• Why I don’t use Obamacare, Romneycare, and Clintoncare

    Patrick Appel asks:

    Why is Obamacare so offensive to some liberals?

    Well, I can’t answer for “some liberals”, but I can answer for myself.  There’s a general reason, and a specific one.  First the general reason.

    Not to get all Sorkin, but I don’t use “Obamacare” because I don’t use “Obama”.  It’s “President Obama”.  And that’s not a partisan affectation.  It’s also “Senator Grassley”, “Rep. Boehner”, “Rep. Cantor”, and so on.  It may be old-fashioned, but that’s the way I do things here.  Respect the office.

    The more specific reason I don’t use “Obamacare” is that it implies that the law is the work of one man.  It wasn’t passed by fiat.  It was created by three committees in the House, two more in the Senate, was voted on by a majority of Representatives and a heck of a lot of Senators before being altered in reconciliation.  Then it was signed by the President.  President Obama neither gets all the blame nor all the credit.  It’s not his and his alone.  It’s the Affordable Care Act, the ACA, or the PPACA.

    Yes, it “gets tiresome” to write that out every time, but it helps to respect the office and the players.  So I take the time.

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    • My reason, and it isn’t a liberal one, is that my opinion(s) of Obama is (are) different than of the ACA. Same goes for other laws passed by other presidents. I wouldn’t call the MMA Bushcare either even if others did (which they don’t).

    • Even the names of our laws have become a battleground in the message war. After all, is affordability really something you can mandate through legislation? (See also, death tax.)

      PS – In this post (http://theincidentaleconomist.com/wordpress/court-cases-this-week/) you use the phrase “Bush tax breaks”.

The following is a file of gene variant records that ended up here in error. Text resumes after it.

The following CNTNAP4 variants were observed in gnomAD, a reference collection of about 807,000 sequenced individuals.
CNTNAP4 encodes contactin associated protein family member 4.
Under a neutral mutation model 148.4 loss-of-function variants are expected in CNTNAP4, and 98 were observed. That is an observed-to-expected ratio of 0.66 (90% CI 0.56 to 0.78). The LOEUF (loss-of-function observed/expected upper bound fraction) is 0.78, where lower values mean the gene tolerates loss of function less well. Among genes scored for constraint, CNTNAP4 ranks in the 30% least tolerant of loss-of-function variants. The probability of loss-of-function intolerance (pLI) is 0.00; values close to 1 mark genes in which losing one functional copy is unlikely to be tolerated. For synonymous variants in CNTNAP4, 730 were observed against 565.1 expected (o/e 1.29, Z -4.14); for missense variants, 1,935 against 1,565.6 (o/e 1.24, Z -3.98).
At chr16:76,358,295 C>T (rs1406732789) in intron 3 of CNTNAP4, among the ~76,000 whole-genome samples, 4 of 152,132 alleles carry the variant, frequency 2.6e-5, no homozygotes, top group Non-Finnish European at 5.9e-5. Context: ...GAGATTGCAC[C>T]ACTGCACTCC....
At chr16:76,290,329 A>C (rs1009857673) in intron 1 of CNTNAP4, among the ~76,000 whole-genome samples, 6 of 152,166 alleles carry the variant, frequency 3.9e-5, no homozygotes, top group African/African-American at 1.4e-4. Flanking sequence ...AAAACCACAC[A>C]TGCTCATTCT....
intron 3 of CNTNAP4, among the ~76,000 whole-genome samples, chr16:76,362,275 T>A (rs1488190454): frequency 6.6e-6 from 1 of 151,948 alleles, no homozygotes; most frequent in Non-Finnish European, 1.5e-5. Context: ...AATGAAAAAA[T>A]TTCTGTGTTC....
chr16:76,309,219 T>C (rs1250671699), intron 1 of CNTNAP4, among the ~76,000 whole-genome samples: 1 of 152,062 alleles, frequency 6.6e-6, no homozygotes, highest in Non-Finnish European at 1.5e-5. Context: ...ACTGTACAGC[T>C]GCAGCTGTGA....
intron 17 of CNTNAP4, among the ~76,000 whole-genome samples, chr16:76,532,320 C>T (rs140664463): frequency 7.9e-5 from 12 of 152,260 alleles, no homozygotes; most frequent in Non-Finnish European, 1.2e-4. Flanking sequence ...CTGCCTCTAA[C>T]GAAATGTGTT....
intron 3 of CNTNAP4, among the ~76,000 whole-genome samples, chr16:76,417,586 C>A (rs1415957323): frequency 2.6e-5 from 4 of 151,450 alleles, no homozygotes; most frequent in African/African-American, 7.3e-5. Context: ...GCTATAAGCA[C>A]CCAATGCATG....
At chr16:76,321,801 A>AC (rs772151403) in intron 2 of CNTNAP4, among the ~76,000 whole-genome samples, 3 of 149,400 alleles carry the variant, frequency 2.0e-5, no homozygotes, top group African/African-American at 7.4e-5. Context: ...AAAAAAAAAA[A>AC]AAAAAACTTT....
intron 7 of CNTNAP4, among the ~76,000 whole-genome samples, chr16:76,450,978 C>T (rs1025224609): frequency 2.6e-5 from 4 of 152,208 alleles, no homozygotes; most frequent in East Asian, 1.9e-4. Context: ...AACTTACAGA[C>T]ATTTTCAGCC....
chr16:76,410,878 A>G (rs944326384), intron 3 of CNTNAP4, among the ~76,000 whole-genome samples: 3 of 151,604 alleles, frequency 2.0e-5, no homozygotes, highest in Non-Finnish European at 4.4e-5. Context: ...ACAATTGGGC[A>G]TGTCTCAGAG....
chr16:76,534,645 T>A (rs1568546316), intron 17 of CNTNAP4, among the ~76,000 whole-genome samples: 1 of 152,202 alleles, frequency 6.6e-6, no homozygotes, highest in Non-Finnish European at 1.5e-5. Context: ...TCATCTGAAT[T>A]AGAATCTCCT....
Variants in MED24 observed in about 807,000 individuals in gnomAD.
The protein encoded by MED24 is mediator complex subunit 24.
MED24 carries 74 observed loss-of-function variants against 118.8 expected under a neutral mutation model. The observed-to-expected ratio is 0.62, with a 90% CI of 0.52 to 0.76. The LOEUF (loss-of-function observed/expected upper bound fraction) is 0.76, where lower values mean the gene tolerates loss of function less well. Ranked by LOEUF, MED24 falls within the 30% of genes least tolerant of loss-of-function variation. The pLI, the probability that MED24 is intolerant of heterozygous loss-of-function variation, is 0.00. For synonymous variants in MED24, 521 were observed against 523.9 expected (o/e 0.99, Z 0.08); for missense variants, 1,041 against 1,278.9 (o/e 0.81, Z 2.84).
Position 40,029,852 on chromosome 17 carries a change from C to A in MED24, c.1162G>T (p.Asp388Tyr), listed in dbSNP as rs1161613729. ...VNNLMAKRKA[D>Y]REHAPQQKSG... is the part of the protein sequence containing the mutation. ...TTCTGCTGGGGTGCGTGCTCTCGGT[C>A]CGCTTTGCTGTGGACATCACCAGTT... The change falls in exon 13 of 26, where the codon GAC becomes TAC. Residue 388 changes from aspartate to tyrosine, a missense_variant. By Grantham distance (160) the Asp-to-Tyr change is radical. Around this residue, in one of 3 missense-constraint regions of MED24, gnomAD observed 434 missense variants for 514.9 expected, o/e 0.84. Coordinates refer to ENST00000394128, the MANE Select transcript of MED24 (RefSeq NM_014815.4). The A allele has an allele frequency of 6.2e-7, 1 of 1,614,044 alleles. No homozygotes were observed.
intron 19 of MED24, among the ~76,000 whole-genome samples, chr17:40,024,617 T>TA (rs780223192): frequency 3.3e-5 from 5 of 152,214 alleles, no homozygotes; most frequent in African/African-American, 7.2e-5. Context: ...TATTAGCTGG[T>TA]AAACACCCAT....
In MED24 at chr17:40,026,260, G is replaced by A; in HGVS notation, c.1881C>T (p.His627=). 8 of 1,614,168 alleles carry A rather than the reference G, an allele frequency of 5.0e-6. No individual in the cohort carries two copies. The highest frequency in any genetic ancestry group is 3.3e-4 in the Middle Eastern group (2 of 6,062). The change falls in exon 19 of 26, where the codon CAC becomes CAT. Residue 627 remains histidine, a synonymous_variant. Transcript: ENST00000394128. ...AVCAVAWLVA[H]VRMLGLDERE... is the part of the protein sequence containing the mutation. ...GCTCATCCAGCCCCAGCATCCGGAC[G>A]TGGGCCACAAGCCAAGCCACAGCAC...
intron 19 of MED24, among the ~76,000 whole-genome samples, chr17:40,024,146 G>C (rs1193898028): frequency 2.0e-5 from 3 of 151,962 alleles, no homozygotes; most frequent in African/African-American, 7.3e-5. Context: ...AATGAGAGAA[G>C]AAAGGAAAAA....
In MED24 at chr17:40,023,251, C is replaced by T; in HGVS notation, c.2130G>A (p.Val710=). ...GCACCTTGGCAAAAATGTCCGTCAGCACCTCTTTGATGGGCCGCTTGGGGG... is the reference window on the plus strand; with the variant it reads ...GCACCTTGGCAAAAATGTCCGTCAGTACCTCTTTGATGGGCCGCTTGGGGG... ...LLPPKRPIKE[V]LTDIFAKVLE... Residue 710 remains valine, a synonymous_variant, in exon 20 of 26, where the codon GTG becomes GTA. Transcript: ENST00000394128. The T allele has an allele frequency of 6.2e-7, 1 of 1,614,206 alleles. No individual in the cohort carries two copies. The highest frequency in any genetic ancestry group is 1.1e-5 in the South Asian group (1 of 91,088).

• @Jeremy R. Shown

      You’re right. I fixed it.

    • I call it PPACA, for the same reason you do. I cringe when I hear someone refer to it as “Obamacare,” and am dismayed at the number of people (especially on television) who refer to the President (any President) by last name only.

    • After all, is affordability really something you can mandate through legislation? (See also, death tax.)

      Um, yes? Congress could enact strict price controls of health insurance policies if it wanted to. Of course, the PPACA did nothing of the sort.

    • Dr. Carroll,

      Actually, I thought the bill was written in the Speaker’s office then passed to the committees, so I disagree. My Hill insiders said that it Pelosi’s office not the committees (I actually have not seen it reported that the committee’s wrote the bill) that wrote the bill. In fact, it has been a continuous debate with every Speaker of where the power should lie. Most Speakers and Politicians have put the power of bill writing with their staff.

      Future Speaker Boehner is said to be firmly on the side of Committee writing, which is a improvement

      The names I use are PPACA and HCERA

    • I recently gave a talk on health care to an African American audience, repeatedly referring to the President as Mr. Obama, intending respect as I did. At the end I was gently but firmly advised that failure to refer to the President as President Obama was distinctly offensive to my audience.

    • @Aaron G

      Who put pen to paper is irrelevant. It was edited, voted on. and approved by three House Committees, and they have a claim as well.

    • A point of fact: It is proper to address, not only the sitting president, but all previous presidents as “President….”.

      The same is so for senators, speakers, representatives, etc…